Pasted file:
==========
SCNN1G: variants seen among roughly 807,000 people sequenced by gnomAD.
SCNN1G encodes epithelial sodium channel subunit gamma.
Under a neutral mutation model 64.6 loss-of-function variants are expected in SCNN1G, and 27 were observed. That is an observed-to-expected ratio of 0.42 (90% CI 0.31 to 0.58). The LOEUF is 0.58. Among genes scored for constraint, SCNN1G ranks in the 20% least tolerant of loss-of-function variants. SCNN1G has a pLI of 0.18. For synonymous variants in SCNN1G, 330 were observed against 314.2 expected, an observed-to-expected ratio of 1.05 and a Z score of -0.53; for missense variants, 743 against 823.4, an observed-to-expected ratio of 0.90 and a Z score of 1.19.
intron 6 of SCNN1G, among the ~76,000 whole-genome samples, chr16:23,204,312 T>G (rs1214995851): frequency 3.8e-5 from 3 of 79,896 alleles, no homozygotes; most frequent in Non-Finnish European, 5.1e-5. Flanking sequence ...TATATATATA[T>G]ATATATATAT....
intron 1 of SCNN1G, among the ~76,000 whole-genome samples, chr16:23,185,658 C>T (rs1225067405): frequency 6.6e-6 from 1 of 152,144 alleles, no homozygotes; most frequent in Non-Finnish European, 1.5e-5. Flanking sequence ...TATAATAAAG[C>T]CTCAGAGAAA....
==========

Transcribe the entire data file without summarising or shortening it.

SCNN1G: variants seen among roughly 807,000 people sequenced by gnomAD.
SCNN1G encodes epithelial sodium channel subunit gamma.
Under a neutral mutation model 64.6 loss-of-function variants are expected in SCNN1G, and 27 were observed. That is an observed-to-expected ratio of 0.42 (90% CI 0.31 to 0.58). The LOEUF is 0.58. Among genes scored for constraint, SCNN1G ranks in the 20% least tolerant of loss-of-function variants. SCNN1G has a pLI of 0.18. For synonymous variants in SCNN1G, 330 were observed against 314.2 expected, an observed-to-expected ratio of 1.05 and a Z score of -0.53; for missense variants, 743 against 823.4, an observed-to-expected ratio of 0.90 and a Z score of 1.19.
intron 6 of SCNN1G, among the ~76,000 whole-genome samples, chr16:23,204,312 T>G (rs1214995851): frequency 3.8e-5 from 3 of 79,896 alleles, no homozygotes; most frequent in Non-Finnish European, 5.1e-5. Flanking sequence ...TATATATATA[T>G]ATATATATAT....
intron 1 of SCNN1G, among the ~76,000 whole-genome samples, chr16:23,185,658 C>T (rs1225067405): frequency 6.6e-6 from 1 of 152,144 alleles, no homozygotes; most frequent in Non-Finnish European, 1.5e-5. Flanking sequence ...TATAATAAAG[C>T]CTCAGAGAAA....